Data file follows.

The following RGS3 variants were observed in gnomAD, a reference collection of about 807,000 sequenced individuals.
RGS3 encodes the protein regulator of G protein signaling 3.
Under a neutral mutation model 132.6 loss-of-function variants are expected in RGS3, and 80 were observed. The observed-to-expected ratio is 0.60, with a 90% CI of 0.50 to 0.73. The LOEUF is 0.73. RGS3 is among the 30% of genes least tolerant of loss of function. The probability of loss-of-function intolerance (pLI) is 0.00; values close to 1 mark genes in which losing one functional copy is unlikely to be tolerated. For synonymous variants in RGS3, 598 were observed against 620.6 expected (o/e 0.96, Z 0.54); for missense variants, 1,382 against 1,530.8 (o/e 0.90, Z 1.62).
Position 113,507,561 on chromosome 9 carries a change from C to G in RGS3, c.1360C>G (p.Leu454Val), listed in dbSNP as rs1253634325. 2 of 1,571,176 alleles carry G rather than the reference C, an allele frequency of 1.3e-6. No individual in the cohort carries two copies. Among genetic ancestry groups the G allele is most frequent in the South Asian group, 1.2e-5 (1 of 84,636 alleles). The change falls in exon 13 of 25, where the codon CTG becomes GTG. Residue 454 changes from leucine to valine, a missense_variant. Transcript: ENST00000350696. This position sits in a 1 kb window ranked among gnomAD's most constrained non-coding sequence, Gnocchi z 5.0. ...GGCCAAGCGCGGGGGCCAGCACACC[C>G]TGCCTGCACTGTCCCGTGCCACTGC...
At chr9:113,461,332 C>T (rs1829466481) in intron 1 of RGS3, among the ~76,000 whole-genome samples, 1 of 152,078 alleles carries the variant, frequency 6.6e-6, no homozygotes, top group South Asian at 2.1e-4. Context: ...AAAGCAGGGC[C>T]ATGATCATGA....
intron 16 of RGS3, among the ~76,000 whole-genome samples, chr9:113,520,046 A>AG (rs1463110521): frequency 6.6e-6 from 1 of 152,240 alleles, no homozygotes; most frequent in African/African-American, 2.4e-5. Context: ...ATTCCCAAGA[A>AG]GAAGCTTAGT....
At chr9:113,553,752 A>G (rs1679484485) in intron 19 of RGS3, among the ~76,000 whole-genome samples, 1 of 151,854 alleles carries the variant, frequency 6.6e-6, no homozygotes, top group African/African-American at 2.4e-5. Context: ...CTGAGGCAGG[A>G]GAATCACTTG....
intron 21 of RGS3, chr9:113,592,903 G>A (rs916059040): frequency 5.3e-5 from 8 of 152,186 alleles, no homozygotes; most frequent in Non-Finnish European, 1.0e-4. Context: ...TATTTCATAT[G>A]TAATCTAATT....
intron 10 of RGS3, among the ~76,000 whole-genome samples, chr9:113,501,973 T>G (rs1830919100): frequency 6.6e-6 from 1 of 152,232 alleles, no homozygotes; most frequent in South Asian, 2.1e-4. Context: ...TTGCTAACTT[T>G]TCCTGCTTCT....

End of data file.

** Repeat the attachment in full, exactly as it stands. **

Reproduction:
The following RGS3 variants were observed in gnomAD, a reference collection of about 807,000 sequenced individuals.
RGS3 encodes the protein regulator of G protein signaling 3.
Under a neutral mutation model 132.6 loss-of-function variants are expected in RGS3, and 80 were observed. The observed-to-expected ratio is 0.60, with a 90% CI of 0.50 to 0.73. The LOEUF is 0.73. RGS3 is among the 30% of genes least tolerant of loss of function. The probability of loss-of-function intolerance (pLI) is 0.00; values close to 1 mark genes in which losing one functional copy is unlikely to be tolerated. For synonymous variants in RGS3, 598 were observed against 620.6 expected (o/e 0.96, Z 0.54); for missense variants, 1,382 against 1,530.8 (o/e 0.90, Z 1.62).
Position 113,507,561 on chromosome 9 carries a change from C to G in RGS3, c.1360C>G (p.Leu454Val), listed in dbSNP as rs1253634325. 2 of 1,571,176 alleles carry G rather than the reference C, an allele frequency of 1.3e-6. No individual in the cohort carries two copies. Among genetic ancestry groups the G allele is most frequent in the South Asian group, 1.2e-5 (1 of 84,636 alleles). The change falls in exon 13 of 25, where the codon CTG becomes GTG. Residue 454 changes from leucine to valine, a missense_variant. Transcript: ENST00000350696. This position sits in a 1 kb window ranked among gnomAD's most constrained non-coding sequence, Gnocchi z 5.0. ...GGCCAAGCGCGGGGGCCAGCACACC[C>G]TGCCTGCACTGTCCCGTGCCACTGC...
At chr9:113,461,332 C>T (rs1829466481) in intron 1 of RGS3, among the ~76,000 whole-genome samples, 1 of 152,078 alleles carries the variant, frequency 6.6e-6, no homozygotes, top group South Asian at 2.1e-4. Context: ...AAAGCAGGGC[C>T]ATGATCATGA....
intron 16 of RGS3, among the ~76,000 whole-genome samples, chr9:113,520,046 A>AG (rs1463110521): frequency 6.6e-6 from 1 of 152,240 alleles, no homozygotes; most frequent in African/African-American, 2.4e-5. Context: ...ATTCCCAAGA[A>AG]GAAGCTTAGT....
At chr9:113,553,752 A>G (rs1679484485) in intron 19 of RGS3, among the ~76,000 whole-genome samples, 1 of 151,854 alleles carries the variant, frequency 6.6e-6, no homozygotes, top group African/African-American at 2.4e-5. Context: ...CTGAGGCAGG[A>G]GAATCACTTG....
intron 21 of RGS3, chr9:113,592,903 G>A (rs916059040): frequency 5.3e-5 from 8 of 152,186 alleles, no homozygotes; most frequent in Non-Finnish European, 1.0e-4. Context: ...TATTTCATAT[G>A]TAATCTAATT....
intron 10 of RGS3, among the ~76,000 whole-genome samples, chr9:113,501,973 T>G (rs1830919100): frequency 6.6e-6 from 1 of 152,232 alleles, no homozygotes; most frequent in South Asian, 2.1e-4. Context: ...TTGCTAACTT[T>G]TCCTGCTTCT....